My educational background includes Ball State University (BS in Physics), Indiana University (MA in Astronomy & MS in Secondary Education) and Teachers College, Columbia University (MA in Computing & Education).
My wife and I live in Bloomington, IN and have five grown children and two grandchildren. During the year as TIR at Ball State I will be living in an apartment in Muncie, IN.
I am married, and my wonderful wife, Charlotte, and I have three (supposedly grown) children and two grandchildren. I was born in Muncie, Indiana and raised on a nearby farm. I attended Ball State University, and upon obtaining my bachelor's, I enrolled in a Master's program in secondary education. I completed the master's and became licensed in science teaching with a primary area in physics and a supporting area in chemistry. I taught at Decatur Central High School for two years. The training and support I received at Decatur Central were excellent.
I returned to Ball State to begin a master's in computer science, and I also began to teach as an adjunct instructor for the local two-year college. In addition to my computer science studies, I added a physics master's and a graduate minor in chemistry. While completing my degrees, I was hired as a full-time instructor by Ivy Tech. Within the next few years, I evolved into the chair of mathematics and physical sciences for the East-Central region. As our community college has had rapid growth, the mathematics and physical sciences program was split into three parts, and I elected to chair the physical sciences. In the summer of 2005, Mike Wolter described a wonderful opportunity to work with the PhysTEC program. After a few dislocated shoulders from arm bending I enthusiastically, with the strong support of my administration, joined the ranks of the TIRs.
Teaching, as a profession, came to me later than most; I never would have dreamed of the impact it would have on my life. Teaching, and all that goes with it, serves as a vocation that gives me hope and great joy – I believe in the ability of young minds to seek and search for truth and knowledge, and it is my goal to help them reach their dreams. I spent my younger years as a lab tech at a doctor's office, a cosmetic consultant at Dillard's, a dialysis technician, a wallpaper hanger, and most important of all, a wife and mother. As my youngest child reached the pre-school age I decided to go back to college. I returned to West Texas State University (now West Texas A&M University, and the college I attended straight out of high school) in 1990 to complete my education. I received a BS in Chemistry in 1992, did my student teaching that fall, and began teaching in January, 1993. I taught a semester of middle school science and then moved to Canyon, Texas, where I taught Physics I, Pre-AP Physics, AP Physics B, Chemistry I, Pre-AP Chemistry, and AP Chemistry (fortunately not all at the same time!). While at Canyon I enjoyed all the varied aspects of teaching, some of which included being part of the Comprehensive Conceptual Curriculum of Physics (C3P) Project, being a UIL Science Coach and Science Bowl Coach for twelve years, being Science Department Chair for five years, and sponsoring several school organizations.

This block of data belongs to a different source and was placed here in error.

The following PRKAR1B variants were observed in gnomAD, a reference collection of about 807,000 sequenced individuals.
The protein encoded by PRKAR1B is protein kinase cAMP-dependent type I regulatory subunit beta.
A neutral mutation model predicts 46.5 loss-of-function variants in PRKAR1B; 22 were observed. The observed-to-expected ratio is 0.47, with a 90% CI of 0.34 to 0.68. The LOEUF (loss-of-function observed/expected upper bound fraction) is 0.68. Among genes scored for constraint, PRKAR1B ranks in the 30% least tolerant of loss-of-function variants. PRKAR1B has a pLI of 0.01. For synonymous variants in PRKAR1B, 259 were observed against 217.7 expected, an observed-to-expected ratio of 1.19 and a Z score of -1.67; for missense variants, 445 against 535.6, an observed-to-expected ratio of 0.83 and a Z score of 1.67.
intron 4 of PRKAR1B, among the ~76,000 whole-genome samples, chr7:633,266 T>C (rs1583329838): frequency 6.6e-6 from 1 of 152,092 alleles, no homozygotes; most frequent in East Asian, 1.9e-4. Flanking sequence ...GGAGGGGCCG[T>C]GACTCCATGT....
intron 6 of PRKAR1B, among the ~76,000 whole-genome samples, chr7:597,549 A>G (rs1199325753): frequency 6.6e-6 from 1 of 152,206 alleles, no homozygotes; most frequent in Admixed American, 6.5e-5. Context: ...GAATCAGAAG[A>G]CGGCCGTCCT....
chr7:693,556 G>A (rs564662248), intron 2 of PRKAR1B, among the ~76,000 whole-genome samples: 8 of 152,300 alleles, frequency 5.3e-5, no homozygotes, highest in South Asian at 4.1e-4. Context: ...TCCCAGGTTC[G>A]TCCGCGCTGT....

Life went on, our children grew up, our daughter got married and moved to Indiana, and our son went to college at Butler University. Malcolm, my husband of 32 years, and I decided it was time for a change and the possibility of future grandchildren beckoned. We moved to Indiana in the summer of 2004 and I taught Physics and Earth/Space Science at TC Howe Academy in Indianapolis that year. Since 2005 I have been the physics and chemistry teacher at Shenandoah High School, a small rural school in east central Indiana. I was blessed with the opportunity to be the 2006-2007 Teacher In Residence at Ball State University as part of the PhysTEC project. That same year I had the pleasure of being selected to become a Physics Teaching Resource Agent (PTRA) and I am currently an active member of that organization. Many wonderful opportunities have arisen from being part of both of these organizations; I currently serve as a Noyce Scholars Mentor, I am the Indiana AAPT Section Representative and I serve on a national committee for AAPT. The doors that have been opened continue to allow me to improve my teaching skills and ability to positively impact my students.
My family is my pride and joy; my supportive, and understanding, husband and I are so fortunate to live in the same town with our daughter and son-in-law and the most important person in our family, our five year old granddaughter, Allison Joy! Our son and daughter-in-law live in Bowling Green, Kentucky, so we are blessed to have all of our children close by.